Organic fruit and veg

After a month in the States this summer eating amazing pesticide-free local fruit and vegetables both in upstate New York and in the D.C. area, I decided I’d try to change the way I eat my greens in Madrid. Neither the CSA model, which has spread like wildfire across the United States and Canada, nor local farmers markets really exist in Spain (or Madrid, at least) to the extent that they do on the other side of the pond. Generally the produce you can get in Spain is quite good, and much of it is from somewhere in the country, but it’s not always easy to know where it’s coming from, or how many pesticides have been used to grow it. I do have a good natural foods store in my neighborhood, and there are a number of these throughout the city, but the produce has never looked particularly great.

So this month a friend and I have ventured into the world of weekly organic fruit and vegetable boxes. While these are not exactly CSA, they are an opportunity to buy boxes of seasonal, organic produce from farms. Both places we’ve ordered from have been just under 300 miles from Madrid, which is not incredibly local, but relatively speaking, it’s not bad. The first was Daiquí, a farm in Ourense, Galicia (northwest of Madrid), where we paid 25 euros (including delivery to my flat) for a 10 kilo box that included Swiss chard, apples, green beans, adorable little green peppers, potatoes, a huge zucchini, a beet, and lovely heirloom tomatoes. All of it was really delicious, and very fresh. I’ve just checked the Daiquí website, and it seems that you can no longer request the box, you have to order things by weight, like an online store. Though I’m guessing the seasonal box will make a comeback.

At any rate, we’ve now signed up for four boxes from a farm in Lleida, Cataluña (northeast of Madrid) that has a lot of promise. It’s called Recapte, and you can sign up for a minimum of four boxes and as much as a weekly box for a year. Each box is 30 euros, also including delivery to your house. What I like about Recapte is that every week they post the available fruit and vegetables on their website and you can choose the 10 things that you want in your box (you have a choice of more than double that number). You can also take a week off by notifying them that Monday.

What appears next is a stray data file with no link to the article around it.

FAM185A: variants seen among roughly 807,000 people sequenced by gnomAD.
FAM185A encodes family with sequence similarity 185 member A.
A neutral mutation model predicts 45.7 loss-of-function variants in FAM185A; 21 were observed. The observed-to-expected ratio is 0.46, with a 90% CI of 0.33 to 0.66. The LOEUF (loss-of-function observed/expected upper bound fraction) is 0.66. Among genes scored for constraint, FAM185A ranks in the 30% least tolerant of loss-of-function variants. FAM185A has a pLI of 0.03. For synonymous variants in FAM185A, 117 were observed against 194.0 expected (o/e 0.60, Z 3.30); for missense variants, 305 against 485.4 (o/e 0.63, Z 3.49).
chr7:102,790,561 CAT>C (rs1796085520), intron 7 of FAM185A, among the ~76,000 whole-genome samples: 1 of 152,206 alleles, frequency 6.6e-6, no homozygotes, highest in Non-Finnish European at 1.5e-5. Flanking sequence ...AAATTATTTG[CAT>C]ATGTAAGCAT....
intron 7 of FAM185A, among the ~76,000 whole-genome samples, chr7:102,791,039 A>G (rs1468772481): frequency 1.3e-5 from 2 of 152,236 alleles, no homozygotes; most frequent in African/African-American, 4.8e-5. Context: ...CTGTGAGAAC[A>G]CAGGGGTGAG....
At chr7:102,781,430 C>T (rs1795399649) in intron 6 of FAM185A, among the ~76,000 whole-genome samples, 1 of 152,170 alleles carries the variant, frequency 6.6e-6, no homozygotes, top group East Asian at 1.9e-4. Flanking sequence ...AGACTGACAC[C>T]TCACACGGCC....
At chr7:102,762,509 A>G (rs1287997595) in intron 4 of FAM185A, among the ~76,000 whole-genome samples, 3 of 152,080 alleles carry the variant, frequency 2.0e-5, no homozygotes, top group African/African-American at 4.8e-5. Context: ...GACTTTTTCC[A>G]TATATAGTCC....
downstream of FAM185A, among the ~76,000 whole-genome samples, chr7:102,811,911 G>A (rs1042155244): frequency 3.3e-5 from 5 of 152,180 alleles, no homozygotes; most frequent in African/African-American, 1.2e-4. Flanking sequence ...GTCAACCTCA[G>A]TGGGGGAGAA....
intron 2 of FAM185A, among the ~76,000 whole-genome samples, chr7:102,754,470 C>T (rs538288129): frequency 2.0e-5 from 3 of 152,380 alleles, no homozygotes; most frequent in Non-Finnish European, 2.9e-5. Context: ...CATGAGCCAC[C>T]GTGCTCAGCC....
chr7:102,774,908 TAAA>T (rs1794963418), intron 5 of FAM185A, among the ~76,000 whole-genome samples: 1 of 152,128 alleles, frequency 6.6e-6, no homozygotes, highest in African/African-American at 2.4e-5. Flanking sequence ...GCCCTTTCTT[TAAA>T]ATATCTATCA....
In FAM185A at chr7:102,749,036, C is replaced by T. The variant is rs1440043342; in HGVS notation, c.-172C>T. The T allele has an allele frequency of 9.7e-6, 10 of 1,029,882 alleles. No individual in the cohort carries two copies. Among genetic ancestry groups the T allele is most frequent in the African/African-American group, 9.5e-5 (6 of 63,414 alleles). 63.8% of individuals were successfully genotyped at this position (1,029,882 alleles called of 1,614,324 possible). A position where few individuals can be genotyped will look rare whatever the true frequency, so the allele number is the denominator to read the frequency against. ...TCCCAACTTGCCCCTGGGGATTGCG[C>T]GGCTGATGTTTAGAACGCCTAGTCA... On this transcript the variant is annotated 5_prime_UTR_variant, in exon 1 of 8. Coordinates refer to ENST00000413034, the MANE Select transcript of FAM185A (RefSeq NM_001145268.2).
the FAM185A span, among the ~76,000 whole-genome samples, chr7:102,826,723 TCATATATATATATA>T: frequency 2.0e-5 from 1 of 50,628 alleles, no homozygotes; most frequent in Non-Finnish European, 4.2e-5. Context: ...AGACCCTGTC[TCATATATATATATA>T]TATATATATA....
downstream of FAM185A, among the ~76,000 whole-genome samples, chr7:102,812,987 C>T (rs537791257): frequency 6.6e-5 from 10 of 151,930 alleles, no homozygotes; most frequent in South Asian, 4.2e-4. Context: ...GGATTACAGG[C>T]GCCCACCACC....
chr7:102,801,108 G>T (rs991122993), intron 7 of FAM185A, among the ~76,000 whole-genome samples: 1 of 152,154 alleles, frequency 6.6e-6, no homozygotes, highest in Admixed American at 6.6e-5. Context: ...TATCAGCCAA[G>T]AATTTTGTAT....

We received the delivery from Recapte today. It was much greater in quantity than last week’s box from Daiquí and included—as requested—apples, peaches, pears, tomatoes, carrots, rainbow chard, cucumbers, lettuce, red peppers, and sweet potatoes. It all looks quite good and I can’t wait to start cooking and eating it.

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8 Responses to “Organic fruit and veg”


  1. 1 Enrique Thursday, 16 October, 2008 at 12:15 am

    What about the traditional covered markets, like Mercado de San Miguel next to the Plaza Mayor? Or the Boqueria in Barcelona? Is the produce there not from individual farms / organic / etc.?

  2. 2 Tom Thursday, 16 October, 2008 at 1:57 pm

    Thanks for this info. It’s very hard to find decent fruit and veg (or meat, for that matter) in most Spanish supermarkets and I’ve been wondering about the availability of organic veg boxes for some time.